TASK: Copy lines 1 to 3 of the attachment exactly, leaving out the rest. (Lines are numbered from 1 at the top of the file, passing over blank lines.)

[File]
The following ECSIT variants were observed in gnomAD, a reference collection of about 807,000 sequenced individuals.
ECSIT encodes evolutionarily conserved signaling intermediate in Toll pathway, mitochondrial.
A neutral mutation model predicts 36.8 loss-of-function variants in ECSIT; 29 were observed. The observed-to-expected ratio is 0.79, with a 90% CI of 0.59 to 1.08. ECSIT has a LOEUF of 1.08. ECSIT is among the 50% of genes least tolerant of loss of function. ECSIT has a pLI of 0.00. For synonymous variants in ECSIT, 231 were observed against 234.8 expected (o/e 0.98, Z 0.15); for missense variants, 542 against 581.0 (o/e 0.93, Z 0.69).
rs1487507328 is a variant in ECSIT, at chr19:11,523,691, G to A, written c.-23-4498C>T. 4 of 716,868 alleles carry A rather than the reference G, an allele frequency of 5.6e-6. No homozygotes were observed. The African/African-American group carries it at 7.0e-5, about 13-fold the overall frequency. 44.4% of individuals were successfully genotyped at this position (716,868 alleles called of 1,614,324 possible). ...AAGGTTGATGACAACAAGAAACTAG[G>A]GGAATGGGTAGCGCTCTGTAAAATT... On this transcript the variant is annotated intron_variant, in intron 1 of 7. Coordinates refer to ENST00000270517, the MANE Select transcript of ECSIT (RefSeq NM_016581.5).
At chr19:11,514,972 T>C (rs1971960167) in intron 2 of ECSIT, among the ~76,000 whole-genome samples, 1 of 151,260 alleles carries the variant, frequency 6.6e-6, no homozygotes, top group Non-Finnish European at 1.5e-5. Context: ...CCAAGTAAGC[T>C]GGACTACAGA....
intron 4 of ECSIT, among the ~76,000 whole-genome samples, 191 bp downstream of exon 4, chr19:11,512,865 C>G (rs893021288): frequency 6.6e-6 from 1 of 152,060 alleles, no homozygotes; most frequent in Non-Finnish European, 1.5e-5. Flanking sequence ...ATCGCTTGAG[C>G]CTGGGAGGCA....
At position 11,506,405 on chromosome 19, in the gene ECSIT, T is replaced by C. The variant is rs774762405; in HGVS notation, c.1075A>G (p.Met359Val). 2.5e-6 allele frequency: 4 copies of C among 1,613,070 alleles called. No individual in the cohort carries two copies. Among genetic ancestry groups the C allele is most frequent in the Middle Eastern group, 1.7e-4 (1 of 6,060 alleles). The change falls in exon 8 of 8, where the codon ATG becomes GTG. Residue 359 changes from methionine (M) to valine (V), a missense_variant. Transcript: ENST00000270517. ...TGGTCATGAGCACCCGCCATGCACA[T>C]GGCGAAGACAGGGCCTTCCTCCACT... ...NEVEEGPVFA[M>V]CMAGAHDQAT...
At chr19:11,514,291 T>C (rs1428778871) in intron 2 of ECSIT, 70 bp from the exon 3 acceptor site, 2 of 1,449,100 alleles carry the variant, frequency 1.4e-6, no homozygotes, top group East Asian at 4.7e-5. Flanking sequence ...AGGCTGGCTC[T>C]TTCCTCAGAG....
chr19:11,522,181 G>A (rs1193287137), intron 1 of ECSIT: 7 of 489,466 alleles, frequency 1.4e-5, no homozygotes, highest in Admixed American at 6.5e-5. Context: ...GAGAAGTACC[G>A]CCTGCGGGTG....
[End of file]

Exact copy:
The following ECSIT variants were observed in gnomAD, a reference collection of about 807,000 sequenced individuals.
ECSIT encodes evolutionarily conserved signaling intermediate in Toll pathway, mitochondrial.
A neutral mutation model predicts 36.8 loss-of-function variants in ECSIT; 29 were observed. The observed-to-expected ratio is 0.79, with a 90% CI of 0.59 to 1.08. ECSIT has a LOEUF of 1.08. ECSIT is among the 50% of genes least tolerant of loss of function. ECSIT has a pLI of 0.00. For synonymous variants in ECSIT, 231 were observed against 234.8 expected (o/e 0.98, Z 0.15); for missense variants, 542 against 581.0 (o/e 0.93, Z 0.69).